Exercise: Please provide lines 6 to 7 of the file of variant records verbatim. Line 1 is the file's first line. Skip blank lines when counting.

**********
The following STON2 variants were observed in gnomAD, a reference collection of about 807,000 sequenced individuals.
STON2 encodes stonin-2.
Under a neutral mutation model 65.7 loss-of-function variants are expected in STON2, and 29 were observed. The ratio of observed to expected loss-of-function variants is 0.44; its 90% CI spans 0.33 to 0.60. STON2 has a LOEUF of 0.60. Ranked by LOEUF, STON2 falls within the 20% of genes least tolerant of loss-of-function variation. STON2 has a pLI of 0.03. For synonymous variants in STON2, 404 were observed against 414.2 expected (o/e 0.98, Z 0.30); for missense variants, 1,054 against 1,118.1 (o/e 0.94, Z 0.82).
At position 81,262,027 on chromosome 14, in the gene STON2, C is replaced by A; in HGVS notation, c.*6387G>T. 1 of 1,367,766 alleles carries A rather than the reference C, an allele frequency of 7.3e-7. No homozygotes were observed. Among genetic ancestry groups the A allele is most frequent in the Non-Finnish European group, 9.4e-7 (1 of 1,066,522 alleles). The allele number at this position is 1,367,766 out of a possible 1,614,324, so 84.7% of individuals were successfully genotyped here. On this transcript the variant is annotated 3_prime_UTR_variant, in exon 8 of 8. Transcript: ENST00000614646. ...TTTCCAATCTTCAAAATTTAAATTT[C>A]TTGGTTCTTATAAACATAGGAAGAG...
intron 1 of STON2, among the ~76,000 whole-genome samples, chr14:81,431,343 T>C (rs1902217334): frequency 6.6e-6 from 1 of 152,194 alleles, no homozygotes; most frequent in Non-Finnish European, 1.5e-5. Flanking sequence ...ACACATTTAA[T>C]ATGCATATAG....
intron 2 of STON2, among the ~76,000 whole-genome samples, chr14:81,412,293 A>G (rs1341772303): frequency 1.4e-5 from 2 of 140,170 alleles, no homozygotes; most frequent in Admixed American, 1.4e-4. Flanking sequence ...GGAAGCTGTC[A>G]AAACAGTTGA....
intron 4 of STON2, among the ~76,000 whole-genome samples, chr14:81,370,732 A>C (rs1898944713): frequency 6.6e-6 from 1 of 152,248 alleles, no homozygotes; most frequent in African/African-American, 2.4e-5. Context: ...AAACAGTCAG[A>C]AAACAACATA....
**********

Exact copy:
intron 2 of STON2, among the ~76,000 whole-genome samples, chr14:81,412,293 A>G (rs1341772303): frequency 1.4e-5 from 2 of 140,170 alleles, no homozygotes; most frequent in Admixed American, 1.4e-4. Flanking sequence ...GGAAGCTGTC[A>G]AAACAGTTGA....
intron 4 of STON2, among the ~76,000 whole-genome samples, chr14:81,370,732 A>C (rs1898944713): frequency 6.6e-6 from 1 of 152,248 alleles, no homozygotes; most frequent in African/African-American, 2.4e-5. Context: ...AAACAGTCAG[A>C]AAACAACATA....